Houston died at the same hotel where Davis was set to host his annual pre-Grammy Awards party. The bash took place as scheduled, with top performers such as Alicia Keys, and Davis dedicated it to the singer, while coroner's office officials worked inside her room, alongside her lifeless body, to gather evidence to determine how she died.

"Going through the event that night ... was a no brainer," Davis told CNN in an interview released on February 8. "Whitney was here not to perform but it was her favorite night of the year, so that whether it was the Grammy party or whether it was the Grammy Awards show the new night, there was never a question that we would not celebrate music in her honor."

"I was personally shattered," he added. "The audience, I know, was feeling an emotional devastation. But I would say 99 percent of the calls that I got [were like] 'Don't leave us alone, we want to be with each other, we don't want to sit in our hotel rooms having come from either Europe or across from the East Coast. We want to be with our musical brothers and sisters.'"

Following Houston's death, Chaka Khan said on the TV show "Piers Morgan Tonight" that the decision to hold the party was "complete insanity."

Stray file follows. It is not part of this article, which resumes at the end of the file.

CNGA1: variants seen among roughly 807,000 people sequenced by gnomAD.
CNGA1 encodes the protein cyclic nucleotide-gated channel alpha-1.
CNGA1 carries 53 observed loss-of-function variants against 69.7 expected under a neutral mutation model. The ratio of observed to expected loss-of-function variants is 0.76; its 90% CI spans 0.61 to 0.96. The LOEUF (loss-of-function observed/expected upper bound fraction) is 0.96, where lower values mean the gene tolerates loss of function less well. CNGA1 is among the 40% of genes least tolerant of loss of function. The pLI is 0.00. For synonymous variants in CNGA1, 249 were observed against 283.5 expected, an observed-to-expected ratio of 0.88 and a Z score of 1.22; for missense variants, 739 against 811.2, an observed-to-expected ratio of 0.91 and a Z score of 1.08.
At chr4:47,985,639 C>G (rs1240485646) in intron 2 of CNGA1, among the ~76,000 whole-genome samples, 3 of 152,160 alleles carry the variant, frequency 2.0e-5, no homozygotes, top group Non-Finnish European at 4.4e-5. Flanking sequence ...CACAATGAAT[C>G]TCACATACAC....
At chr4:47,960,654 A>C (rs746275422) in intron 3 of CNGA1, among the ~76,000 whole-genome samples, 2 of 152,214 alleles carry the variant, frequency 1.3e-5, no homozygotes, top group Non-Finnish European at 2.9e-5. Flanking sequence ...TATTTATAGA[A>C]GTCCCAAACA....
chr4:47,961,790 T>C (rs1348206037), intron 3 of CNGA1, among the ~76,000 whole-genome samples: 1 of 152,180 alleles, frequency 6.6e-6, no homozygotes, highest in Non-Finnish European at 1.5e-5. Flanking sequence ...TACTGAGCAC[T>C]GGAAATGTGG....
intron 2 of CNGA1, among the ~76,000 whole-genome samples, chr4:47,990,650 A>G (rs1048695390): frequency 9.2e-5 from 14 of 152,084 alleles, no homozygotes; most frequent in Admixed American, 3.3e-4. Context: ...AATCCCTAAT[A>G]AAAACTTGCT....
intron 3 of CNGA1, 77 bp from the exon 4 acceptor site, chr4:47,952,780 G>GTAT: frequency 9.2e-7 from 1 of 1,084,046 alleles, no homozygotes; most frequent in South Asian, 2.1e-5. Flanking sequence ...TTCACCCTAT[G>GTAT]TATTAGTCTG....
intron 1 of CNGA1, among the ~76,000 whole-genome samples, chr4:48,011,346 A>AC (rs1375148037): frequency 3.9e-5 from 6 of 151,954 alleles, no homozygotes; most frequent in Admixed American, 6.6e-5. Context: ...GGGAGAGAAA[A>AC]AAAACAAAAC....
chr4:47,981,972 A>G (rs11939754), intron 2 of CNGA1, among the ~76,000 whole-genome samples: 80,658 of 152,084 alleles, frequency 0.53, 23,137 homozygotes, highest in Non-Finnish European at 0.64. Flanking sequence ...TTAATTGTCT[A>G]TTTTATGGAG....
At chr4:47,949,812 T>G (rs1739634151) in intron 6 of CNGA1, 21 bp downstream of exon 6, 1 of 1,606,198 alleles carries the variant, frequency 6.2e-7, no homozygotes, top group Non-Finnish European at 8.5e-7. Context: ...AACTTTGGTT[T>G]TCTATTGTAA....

"There might have been a few people who did not want to attend and of course, that's their prerogative," Davis told CNN. "There are no rights or wrongs when such a tragedy occurs but the room was packed. It was standing room only from beginning to end. We did justice to Whitney's musical heritage and I am really the bearer of her flame."

(Pictured above: Whitney Houston is seen with music producer Clive Davis, in 1983, shortly after signing a contract with Arista Records. / President of Arista Records Clive Davis, center, is flanked by singers Whitney Houston and Bobby Brown on Sept. 14, 1995, during a dinner to honor Davis in New York. Davis was honored by the T.J. Martell Foundation, the music industry's largest supporter of leukemia, cancer and AIDS research. / Credit: AP Photos / Paul Hurschmann)

Watch Clive Davis' interview on ABC's "Nightline" below.